Voices of Otinibi

Kafui Esi Adjei is married to Emmanuel Adjei, previously profiled in this blog in the article, “Dedicated to Building the Future.” Kafui and Emmanuel have three children. She is currently the Managing Director of Kasie Enterprise, producers of concrete products. Living in Accra, she is a teacher by profession and loves cooking and gardening. Kafui has been selected to be a member of the Food for People management team and has agreed to be a guest blogger. This is her first post.

Emmanuel introduced me to Mrs. Grace Ninsaw, headmistress of Otinibi School. The Headmistress then introduced me to the teachers and a few of the students, whom I had the chance to interview. I found out that not all students of Otinibi live in the village. Some of the students come from neighboring villages and walk, ride bicycles or take commercial vehicles to the school from their homes. I learned that some students do not eat before coming to school. Either there is no food at home in the morning, or their parents do not have the funds to provide food money for their children. Many of the students are excited and eagerly awaiting the opening of the Food for People center.

Teku Kwami, a junior high school student, says he is very happy about the project because he will be assured of a decent meal at least once a day.

Stephen, another junior high school student, is excited that he and his classmates will soon have nutritious meals and will therefore be able to concentrate better in class. This will enable them to have better grades at the end of the term.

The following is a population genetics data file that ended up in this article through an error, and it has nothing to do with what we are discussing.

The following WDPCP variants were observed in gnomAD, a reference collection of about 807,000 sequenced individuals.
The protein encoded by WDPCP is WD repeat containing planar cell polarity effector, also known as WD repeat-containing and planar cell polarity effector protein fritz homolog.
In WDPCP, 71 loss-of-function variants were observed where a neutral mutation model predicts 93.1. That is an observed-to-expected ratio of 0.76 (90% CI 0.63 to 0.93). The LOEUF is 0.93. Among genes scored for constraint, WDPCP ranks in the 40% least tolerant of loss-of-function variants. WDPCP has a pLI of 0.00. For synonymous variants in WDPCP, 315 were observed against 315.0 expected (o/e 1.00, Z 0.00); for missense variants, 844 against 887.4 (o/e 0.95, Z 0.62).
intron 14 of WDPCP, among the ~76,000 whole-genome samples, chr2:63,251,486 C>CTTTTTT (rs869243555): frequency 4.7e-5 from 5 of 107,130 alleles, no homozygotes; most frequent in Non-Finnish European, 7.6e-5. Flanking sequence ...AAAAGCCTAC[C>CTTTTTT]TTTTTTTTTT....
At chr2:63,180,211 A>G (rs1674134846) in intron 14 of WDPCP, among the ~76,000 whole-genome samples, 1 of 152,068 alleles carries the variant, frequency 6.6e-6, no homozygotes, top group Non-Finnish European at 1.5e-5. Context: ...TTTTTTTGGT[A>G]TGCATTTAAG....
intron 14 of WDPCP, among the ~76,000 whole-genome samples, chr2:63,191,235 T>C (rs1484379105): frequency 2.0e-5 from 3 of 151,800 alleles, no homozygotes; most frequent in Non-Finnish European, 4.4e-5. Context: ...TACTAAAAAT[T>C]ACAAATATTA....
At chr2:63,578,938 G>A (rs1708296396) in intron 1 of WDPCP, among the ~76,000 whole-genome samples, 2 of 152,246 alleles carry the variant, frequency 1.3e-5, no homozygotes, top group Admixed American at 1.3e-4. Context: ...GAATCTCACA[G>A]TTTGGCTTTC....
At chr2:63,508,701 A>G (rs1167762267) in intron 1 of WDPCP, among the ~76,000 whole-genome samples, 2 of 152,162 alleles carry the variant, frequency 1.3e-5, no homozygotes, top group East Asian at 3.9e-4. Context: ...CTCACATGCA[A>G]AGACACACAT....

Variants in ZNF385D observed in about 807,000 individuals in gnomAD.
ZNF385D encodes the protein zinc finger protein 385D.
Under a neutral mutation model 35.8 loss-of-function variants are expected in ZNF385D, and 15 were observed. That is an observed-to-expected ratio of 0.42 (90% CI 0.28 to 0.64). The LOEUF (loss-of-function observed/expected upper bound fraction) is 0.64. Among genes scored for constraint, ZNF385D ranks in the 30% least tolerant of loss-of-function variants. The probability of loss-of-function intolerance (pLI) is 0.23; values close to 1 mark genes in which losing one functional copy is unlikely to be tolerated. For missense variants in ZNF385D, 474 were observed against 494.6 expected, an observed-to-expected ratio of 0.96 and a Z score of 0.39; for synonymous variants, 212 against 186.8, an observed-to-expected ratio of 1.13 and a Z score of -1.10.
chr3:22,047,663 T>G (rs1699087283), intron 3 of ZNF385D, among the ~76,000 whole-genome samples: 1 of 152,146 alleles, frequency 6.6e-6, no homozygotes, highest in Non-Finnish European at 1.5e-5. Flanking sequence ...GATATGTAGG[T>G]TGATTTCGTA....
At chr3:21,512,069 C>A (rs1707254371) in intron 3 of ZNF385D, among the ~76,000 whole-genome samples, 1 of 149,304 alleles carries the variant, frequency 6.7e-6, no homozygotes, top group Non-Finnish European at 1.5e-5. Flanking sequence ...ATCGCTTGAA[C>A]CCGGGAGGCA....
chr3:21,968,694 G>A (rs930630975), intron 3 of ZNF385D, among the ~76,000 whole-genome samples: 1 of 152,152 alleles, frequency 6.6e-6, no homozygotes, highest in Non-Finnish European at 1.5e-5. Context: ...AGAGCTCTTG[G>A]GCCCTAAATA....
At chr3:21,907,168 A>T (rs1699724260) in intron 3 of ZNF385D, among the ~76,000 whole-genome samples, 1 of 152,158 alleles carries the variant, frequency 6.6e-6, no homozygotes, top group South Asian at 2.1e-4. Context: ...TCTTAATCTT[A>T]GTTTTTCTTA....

Another student, Asibi Akayawo, said that she is also looking forward to the day when the students will regularly have good food and potable water, which is scarce and expensive in this area. She says the Food for People project will end the practice of students moving about in search of food and water, which makes them spend longer periods outside the classroom during break.

I wanted to know how the children’s parents were receiving the news about the opening of the facility and was glad to hear their positive responses. Emmanuel White’s parents explained that it is a difficult task to provide regular breakfasts for their children. The FFP project will ease this pressure, since parents are aware that even if there is no money to provide food on certain school days, their children will be fed at school and therefore will become healthier.

Headmistress with Otinibi teachers

Miss Rose Arthur, a Basic 2 teacher, is glad that the project is opening in Otinibi. According to her, most students drop out of school due to financial difficulties. When Food for People opens, providing food for the children on school days will no longer be a major headache for most parents. The money previously used to buy food can now be used to buy textbooks and school uniforms for the children.

When I spoke with Lomotey, a farmer from Otinibi, he said, “We are happy even more than the word itself!” Although this drew laughter from us, it is worth noting that this project is no little thing to the people of Otinibi. Lomotey described the FFP program as “a blessing from God, because even though there are a number of schools around the area, Otinibi School was chosen.”

Tawiah, a mason, also from Otinibi, added that all they could do was thank the donors and God for allowing them to experience this blessing.

This is indeed a program that will not be taken for granted by the beneficiaries.



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